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Why you shouldn't shave your double-coated dog part 2

Blaze Krhounek at the end of his spring shedding cycle. Note the tufts of under coat poking out, ready to be shed.
Blaze Krhounek at the end of his spring shedding cycle. Note the tufts of under coat poking out, ready to be shed.
Kaitlin Krhounek

With summer in Seattle and across the nation ramping up, now is a good time to revisit a controversial topic: shaving your double-coated dog. The original article from 2012, found here has garnered a whopping 400 comments and counting. Some common threads from those will be addressed in this article.

Double-coated dogs shed or “blow” their under-coat twice a year (spring and fall) requiring regular brushing. In the spring, a double-coated dog will shed the densely grown under-coat they sported for winter. They regrow a less dense summer under-coat which protects their skin. While this keeps your pet warm in winter, it also keeps the heat out in summer. This is not the same as a human (who sweats through the skin) wearing a fur coat. It is similar to the insulation in your home, keeping the indoors at a relatively ambient temperature compared to the weather outside. So getting rid of a double-coated dogs layers of fur (whether you call it shaving or trimming) removes this insulation. The hot sun will heat the dog more than if the fur is present to insulate him. You also increase the risk of sun burn and bug bites.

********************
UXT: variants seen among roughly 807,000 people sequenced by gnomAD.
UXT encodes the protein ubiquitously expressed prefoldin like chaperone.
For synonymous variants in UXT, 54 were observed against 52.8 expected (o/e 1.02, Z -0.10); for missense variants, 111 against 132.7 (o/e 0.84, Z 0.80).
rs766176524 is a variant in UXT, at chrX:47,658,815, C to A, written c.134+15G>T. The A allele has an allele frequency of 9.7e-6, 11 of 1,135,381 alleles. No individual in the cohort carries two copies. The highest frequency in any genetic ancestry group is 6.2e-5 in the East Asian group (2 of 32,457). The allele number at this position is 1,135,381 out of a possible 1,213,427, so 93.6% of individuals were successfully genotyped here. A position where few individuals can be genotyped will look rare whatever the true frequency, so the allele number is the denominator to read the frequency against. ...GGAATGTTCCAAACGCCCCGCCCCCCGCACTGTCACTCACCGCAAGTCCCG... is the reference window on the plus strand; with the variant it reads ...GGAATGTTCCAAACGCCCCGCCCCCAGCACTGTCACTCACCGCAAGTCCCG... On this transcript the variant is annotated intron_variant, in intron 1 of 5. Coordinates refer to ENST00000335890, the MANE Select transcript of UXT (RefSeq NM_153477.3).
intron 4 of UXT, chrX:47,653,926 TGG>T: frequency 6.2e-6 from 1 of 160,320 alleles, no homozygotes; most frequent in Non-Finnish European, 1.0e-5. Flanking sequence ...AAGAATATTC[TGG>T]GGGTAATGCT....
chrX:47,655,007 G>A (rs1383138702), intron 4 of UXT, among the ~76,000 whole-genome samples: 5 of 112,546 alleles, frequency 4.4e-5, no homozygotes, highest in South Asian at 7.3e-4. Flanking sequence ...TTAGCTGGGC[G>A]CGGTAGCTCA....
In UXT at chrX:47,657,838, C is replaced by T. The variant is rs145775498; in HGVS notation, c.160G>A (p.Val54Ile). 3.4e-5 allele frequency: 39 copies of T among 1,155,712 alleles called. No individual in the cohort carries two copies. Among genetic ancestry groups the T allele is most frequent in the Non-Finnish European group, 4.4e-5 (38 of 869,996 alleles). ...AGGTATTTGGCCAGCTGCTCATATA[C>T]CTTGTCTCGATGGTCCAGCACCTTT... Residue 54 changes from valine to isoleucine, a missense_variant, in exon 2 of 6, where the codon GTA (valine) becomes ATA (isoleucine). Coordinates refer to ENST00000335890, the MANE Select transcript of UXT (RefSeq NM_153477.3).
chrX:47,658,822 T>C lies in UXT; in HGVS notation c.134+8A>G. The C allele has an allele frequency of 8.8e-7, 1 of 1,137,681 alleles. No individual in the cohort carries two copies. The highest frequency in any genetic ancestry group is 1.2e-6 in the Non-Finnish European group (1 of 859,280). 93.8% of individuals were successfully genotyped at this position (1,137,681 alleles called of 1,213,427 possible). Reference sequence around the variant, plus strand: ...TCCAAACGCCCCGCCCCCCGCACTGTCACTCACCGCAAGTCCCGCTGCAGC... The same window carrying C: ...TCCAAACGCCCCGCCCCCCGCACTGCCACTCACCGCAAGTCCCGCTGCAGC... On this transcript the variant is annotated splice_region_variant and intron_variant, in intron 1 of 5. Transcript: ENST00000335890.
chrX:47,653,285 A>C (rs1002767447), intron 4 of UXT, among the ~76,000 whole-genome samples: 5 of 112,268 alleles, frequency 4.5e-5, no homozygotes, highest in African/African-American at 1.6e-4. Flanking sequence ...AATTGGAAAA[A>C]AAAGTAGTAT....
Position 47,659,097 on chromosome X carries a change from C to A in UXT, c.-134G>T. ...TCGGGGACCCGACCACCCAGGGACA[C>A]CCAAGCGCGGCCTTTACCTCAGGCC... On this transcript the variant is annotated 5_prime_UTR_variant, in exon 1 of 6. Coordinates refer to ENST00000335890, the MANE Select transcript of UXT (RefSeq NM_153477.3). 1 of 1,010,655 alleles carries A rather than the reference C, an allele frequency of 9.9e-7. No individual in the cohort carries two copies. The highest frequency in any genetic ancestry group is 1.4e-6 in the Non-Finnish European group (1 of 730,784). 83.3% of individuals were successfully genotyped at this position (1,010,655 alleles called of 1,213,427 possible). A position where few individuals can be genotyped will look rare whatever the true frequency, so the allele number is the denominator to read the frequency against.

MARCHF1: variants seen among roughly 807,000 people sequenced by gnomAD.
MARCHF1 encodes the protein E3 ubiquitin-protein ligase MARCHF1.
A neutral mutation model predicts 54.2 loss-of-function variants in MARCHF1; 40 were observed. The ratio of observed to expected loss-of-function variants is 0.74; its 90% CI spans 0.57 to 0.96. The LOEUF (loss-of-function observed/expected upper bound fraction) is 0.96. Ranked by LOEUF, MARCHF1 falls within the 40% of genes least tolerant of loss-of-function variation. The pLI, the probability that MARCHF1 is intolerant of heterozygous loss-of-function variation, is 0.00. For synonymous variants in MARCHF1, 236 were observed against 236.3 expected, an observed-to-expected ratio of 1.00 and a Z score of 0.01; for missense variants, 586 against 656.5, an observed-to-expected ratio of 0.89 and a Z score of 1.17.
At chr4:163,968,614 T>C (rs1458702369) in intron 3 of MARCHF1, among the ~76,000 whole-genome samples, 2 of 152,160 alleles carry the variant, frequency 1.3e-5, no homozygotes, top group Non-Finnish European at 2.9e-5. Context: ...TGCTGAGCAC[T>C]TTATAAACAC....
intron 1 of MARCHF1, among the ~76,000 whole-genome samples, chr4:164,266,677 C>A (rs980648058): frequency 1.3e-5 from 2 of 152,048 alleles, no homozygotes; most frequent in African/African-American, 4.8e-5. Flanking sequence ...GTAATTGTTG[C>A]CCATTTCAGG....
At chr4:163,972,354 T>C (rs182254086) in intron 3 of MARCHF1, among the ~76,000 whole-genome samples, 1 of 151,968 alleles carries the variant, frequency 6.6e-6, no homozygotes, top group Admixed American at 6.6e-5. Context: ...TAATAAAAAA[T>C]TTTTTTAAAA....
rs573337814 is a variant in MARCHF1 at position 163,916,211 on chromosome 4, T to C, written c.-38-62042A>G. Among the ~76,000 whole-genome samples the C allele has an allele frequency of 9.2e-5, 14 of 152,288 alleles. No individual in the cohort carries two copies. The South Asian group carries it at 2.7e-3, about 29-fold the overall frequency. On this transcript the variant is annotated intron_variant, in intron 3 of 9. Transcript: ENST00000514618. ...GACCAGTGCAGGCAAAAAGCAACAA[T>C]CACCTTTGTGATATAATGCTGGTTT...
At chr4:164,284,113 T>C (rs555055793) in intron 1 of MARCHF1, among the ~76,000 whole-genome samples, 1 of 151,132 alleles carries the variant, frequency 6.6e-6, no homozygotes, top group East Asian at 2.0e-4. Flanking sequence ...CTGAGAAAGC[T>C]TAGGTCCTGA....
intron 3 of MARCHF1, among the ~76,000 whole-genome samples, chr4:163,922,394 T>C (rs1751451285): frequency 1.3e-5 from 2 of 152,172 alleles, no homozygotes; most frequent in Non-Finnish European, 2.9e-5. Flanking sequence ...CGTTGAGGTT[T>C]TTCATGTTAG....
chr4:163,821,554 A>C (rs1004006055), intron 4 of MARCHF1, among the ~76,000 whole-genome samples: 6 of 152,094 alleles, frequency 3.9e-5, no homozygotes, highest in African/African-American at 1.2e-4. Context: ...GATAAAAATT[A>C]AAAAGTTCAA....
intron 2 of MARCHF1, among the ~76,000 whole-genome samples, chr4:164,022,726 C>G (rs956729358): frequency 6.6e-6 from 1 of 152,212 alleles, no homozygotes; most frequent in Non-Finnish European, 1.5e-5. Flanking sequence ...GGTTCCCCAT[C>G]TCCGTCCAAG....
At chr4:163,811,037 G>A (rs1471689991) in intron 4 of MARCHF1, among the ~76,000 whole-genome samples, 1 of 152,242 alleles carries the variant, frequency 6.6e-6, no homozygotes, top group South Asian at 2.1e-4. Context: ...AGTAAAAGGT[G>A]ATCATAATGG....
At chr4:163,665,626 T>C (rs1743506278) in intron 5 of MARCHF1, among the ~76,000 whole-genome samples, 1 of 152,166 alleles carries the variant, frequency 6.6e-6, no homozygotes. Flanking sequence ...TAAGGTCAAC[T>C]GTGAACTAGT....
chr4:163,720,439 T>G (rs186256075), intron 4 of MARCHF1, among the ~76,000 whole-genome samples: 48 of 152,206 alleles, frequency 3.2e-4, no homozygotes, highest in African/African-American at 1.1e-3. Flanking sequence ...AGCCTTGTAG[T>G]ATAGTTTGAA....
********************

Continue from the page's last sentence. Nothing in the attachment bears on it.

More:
Will the hair grow back the way it was? The under-coat will likely come back, but it’s the top layer (guard hair) that may not. This is dog, rather than breed specific. And while guard hairs do shed, they shed and replace themselves similarly to human head hair.

Is a double-coated dog happier after a shave? He may be happy, or may be reacting to the novelty of a state that isn't his norm. We project human attributes to animals all the time; it’s our nature. And yes, humans have had a hand in molding our dogs along with natural evolution but to varying degrees.

Are dogs like Malamutes and Huskies uncomfortable in weather warmer than what they were designed for? It is likely, but there are more effective ways to keep your double-coated pet cool. Cool, fresh water at all times, frozen treats, access to shade if outside, or air conditioning inside, etc.

Like any hot button topic where there are opposing sides, you find clash. Whether or not you decide to shave your pooch is entirely up to you. Shaving down a Shih Tzu is an entirely different than shaving both layers (top and under-coat) of a Husky or Pomeranian. Take this information and do right by your best friend, not just yourself. Are there legit medical reasons to shave a double-coated dog? Yes. Folks should be aware of the effects however.

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